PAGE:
# Directed Graph

A **directed graph**, also known as a **digraph**, is a complex arrangement made up of points, referred to as "nodes" or "vertices," interconnected by arrows, known as "edges." These arrows denote the direction of connection between nodes.

While a digraph may bear resemblance to a standard graph, the crucial difference lies in the directed nature of its connections. The term "digraph" itself is a shorthand for "**directed graph**."

In essence, each arrow in a digraph sets forth a one-way relationship from its origin to its destination node, illustrating a directional flow.

Take, for example, an arrow from point A to point C; this signifies a direct path from A to C, without implying a reciprocal route.

In the case of a **mixed graph**, both nondirectional lines and directed arrows coexist, revealing some relationships as bidirectional, reminiscent of standard graphs, while others maintain a unidirectional nature.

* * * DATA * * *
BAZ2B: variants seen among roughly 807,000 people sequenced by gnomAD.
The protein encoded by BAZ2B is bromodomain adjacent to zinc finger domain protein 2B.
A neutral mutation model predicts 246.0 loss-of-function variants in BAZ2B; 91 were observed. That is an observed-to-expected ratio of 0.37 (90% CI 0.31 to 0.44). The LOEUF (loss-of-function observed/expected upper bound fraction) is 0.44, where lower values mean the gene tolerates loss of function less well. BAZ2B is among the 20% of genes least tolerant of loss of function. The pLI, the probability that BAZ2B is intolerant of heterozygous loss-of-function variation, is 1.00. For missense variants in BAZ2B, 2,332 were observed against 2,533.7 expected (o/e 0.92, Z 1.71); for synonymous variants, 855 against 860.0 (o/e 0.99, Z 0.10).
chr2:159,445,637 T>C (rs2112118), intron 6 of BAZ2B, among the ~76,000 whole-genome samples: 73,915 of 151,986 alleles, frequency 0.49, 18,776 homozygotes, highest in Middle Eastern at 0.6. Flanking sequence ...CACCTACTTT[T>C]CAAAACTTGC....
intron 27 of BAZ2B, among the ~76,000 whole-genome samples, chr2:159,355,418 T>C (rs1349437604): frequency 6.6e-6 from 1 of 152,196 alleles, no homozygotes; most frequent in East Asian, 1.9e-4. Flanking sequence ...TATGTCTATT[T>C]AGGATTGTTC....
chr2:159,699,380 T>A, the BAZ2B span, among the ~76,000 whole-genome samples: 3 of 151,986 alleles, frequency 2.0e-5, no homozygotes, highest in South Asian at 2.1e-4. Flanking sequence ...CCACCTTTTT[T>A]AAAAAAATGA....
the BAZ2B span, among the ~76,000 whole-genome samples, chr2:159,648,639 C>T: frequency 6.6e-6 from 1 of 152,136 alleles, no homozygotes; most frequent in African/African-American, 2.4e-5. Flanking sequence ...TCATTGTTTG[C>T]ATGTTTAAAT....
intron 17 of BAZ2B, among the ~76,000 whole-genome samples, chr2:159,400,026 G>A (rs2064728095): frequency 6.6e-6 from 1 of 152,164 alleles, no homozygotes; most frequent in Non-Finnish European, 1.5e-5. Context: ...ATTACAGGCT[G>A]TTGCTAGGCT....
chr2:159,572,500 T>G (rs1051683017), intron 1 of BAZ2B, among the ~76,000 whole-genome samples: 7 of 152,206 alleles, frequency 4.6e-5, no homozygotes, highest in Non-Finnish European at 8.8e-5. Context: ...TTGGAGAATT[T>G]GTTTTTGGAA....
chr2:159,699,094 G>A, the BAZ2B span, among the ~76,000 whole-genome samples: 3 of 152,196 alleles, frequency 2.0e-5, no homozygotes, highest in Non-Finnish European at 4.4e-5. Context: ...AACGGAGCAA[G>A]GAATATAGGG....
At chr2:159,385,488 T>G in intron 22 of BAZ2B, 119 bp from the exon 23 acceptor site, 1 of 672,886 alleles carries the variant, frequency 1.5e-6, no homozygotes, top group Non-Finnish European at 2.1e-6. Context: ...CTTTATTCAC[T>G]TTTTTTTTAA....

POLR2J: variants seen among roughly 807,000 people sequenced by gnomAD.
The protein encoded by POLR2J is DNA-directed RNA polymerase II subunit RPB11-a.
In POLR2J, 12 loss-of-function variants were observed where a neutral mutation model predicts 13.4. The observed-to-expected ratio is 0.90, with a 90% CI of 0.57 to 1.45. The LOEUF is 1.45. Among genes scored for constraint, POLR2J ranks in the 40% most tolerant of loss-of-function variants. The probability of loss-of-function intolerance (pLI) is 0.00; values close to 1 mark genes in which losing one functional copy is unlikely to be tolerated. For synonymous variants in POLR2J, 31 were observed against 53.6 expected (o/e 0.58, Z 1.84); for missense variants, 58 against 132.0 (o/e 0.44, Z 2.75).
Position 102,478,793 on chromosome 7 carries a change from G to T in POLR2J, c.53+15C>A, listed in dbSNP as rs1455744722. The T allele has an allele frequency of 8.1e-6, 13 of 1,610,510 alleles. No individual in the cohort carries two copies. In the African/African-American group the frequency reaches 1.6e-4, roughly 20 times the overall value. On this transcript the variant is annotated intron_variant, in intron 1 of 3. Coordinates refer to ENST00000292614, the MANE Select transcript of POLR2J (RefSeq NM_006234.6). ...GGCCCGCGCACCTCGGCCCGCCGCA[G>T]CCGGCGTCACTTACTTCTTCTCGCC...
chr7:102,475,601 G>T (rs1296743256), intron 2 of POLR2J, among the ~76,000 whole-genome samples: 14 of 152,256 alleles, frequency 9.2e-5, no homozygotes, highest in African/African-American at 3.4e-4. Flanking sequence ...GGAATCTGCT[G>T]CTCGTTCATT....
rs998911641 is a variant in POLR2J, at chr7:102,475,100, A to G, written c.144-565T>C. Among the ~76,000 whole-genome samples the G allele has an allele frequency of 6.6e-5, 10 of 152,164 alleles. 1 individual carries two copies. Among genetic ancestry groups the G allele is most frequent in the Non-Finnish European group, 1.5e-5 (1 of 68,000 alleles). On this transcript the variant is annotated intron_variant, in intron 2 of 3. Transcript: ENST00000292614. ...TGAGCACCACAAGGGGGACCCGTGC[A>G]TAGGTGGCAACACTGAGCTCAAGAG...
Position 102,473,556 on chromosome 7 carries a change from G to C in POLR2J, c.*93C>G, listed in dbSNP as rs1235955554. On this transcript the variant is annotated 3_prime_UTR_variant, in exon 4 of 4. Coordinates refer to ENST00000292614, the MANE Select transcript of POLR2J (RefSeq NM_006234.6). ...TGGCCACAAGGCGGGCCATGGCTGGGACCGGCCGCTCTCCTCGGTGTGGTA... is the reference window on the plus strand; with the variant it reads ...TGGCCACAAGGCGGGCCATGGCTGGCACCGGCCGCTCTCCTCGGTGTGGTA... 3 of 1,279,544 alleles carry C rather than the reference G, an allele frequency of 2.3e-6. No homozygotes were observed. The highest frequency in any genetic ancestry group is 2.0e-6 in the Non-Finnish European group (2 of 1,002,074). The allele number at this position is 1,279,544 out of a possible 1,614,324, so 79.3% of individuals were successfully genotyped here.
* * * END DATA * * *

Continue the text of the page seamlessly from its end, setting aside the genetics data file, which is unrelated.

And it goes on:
Transforming a digraph by converting all arrows into lines gives rise to an **underlying graph**. This adjustment morphs all singular directional relationships into bidirectional ones, effectively removing the element of directionality from these connections.

Conversely, initiating with a simple graph and substituting all its lines with arrows results in the creation of a new digraph. This newly formed digraph is termed an **orientation of the simple graph**, as it assigns a specific direction to each connection.